Ability Level/Route Grades: Intermediate to advanced, 5.9-5.12 Approach: 10 min, easy Best Season: Early spring to late fall, dependent on snow   The red desert of St. George and the Juniper hills of Cedar City aren’t the only place to look for your new favorite crag. For those with a little more experience, Cedar Canyon offers a great escape into the alpine. A two-tiered limestone crag surrounded by beautiful aspens, Graveside Wall is located just under 10 miles from Cedar City. Some of the more famous routes include Fallout (5.11c) and The Adventure Route (5.11d).   Getting there: From Cedar City, take Hwy 14 up Cedar Canyon. Just past mile marker nine is a pullout on the left. Follow the trail up to the wall.  


Ability Level/Route Grades: All abilities, 5.6-5.14 Approach: 3 min, easy Best Season: Spring   This area offers climbers an incredibly wide range of routes, plus the scenic beauty and isolation that lies waiting for any who seek it in Southern Utah. The quality of the rock is what originally drew climbers down from Salt Lake to develop this area. The Woodbury area is actually composed of three separate crags, Black & Tan, Kelly’s Rock and Solstice. Black & Tan Wall has a few different caves to offer as well. Spring and fall are the best seasons to climb, winter has little sun and summer temperatures can sail into the triple digits with ease.   Getting there: From Cedar City, take the southbound I-15 towards St. George. Drive through St. George and the Gorge. Take Exit 8 for Littlefield/Beaver Dam. Turn right onto Old Highway 91 and turn right at the Woodbury Desert Study area sign. Take your first left to get to Solstice and continue on for Black & Tan and Kelly’s rock. Parking will be on your right.  


Ability Level/Route Grades: Intermediate-advanced 5.11d-5.15a Approach: 10 min, difficult Best Season: Spring   Any experienced climbers looking for a fun challenge should check out the Hurricave. A steep, ten-minute scramble to the base of a cliff leads climbers to this awe inspiring crag. The cave gets its name from the nearest town, Hurricane. A limestone cave that is shaded throughout the day and speckled with long, overhung routes make it the perfect spot to push yourself and get inspired by the incredible routes in this area. Some great routes to check out are Cliff Dwellers, a 5.13a that is 80 feet long, and Flight of the Concord, a 5.14c that is 110 feet long.   Getting there: From Cedar City, take the southbound I-15 towards St. George. Take exit 16 to the town of Hurricane. Turn right onto 700 West and drive west for 2 miles to 2060 South. Turn right and drive 2 miles and then turn left onto Cliffs Dr. Park at the road’s end and hike up the faint hill towards the cave.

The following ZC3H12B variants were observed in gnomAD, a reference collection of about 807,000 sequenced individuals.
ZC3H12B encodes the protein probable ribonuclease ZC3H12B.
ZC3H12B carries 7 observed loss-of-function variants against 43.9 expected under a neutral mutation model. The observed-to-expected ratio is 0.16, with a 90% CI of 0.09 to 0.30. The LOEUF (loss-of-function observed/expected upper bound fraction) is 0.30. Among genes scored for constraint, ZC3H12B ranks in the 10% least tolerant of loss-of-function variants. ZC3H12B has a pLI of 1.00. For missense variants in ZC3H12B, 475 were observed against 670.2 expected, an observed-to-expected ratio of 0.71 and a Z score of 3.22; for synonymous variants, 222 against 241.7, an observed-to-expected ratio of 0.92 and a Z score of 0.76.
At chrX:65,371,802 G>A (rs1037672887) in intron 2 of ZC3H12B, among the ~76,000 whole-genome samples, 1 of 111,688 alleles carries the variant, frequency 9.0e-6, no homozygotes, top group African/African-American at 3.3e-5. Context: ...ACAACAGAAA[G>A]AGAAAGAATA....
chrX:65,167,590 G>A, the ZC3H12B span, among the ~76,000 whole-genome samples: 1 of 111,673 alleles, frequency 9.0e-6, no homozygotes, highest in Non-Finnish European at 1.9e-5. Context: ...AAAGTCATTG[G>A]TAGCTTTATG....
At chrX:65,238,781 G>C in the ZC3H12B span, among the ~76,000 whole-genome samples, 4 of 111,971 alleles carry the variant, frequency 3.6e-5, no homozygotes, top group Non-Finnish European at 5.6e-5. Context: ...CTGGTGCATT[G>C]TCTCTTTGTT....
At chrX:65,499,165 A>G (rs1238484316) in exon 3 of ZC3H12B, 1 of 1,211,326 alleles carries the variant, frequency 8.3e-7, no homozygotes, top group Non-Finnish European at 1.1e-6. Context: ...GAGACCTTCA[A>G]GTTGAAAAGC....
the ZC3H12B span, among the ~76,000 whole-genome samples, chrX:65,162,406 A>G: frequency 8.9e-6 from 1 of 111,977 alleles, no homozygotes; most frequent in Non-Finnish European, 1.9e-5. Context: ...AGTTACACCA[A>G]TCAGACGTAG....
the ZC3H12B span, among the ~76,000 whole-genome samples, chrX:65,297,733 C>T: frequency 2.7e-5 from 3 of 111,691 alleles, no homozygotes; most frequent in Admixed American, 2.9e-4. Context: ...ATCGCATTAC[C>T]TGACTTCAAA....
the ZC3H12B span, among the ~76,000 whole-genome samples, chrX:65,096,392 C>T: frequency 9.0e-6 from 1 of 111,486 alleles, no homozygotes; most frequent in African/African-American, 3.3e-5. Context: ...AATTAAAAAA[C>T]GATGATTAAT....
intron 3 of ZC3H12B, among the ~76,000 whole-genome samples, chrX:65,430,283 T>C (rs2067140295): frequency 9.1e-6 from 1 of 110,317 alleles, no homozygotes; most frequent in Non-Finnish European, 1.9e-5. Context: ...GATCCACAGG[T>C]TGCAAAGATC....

Ability Level/Route Grades: Intermediate, 5.10-5.12 Approach: 20 min, easy Best Season: Winter   Among the crags to be found in the Red Cliffs Conservation Area just north of St. George, Turtle Wall is one of the most popular for the locals. Boasting a sandstone face along with a small cave, this is a great crag to introduce climbers to overhanging routes and further develop their skills. Turtle Wall is named for the threatened desert tortoises that resides in the Red Cliffs area. To add on to the 18 established routes, there are also a few open projects that are on the harder side for this area. Because the rock is sedimentary, it weakens considerably when wet. Climbing on this rock while it’s wet is a sure way to ruin the holds, so wait for a nice dry day to check this out.   Getting there: From Cedar City, take the southbound I-15 towards St. George. Take exit 6 for UT-18 N towards Bluff St. Keep right to merge onto Bluff St., then just past Snow Canyon Pkwy. turn left onto Country Rd. Park in the pullout to your left. Follow the dirt trail past Chuckawalla Wall for about a mile and the crag will be on your left.   Now get out there T-Birds and discover why Southern Utah is a climber’s dream! Remember to practice Leave no Trace principles and stop by SUU Outdoors to get shoes, harnesses, and helmets for your next adventure.   Written by Phenix Johnson, Southern Utah University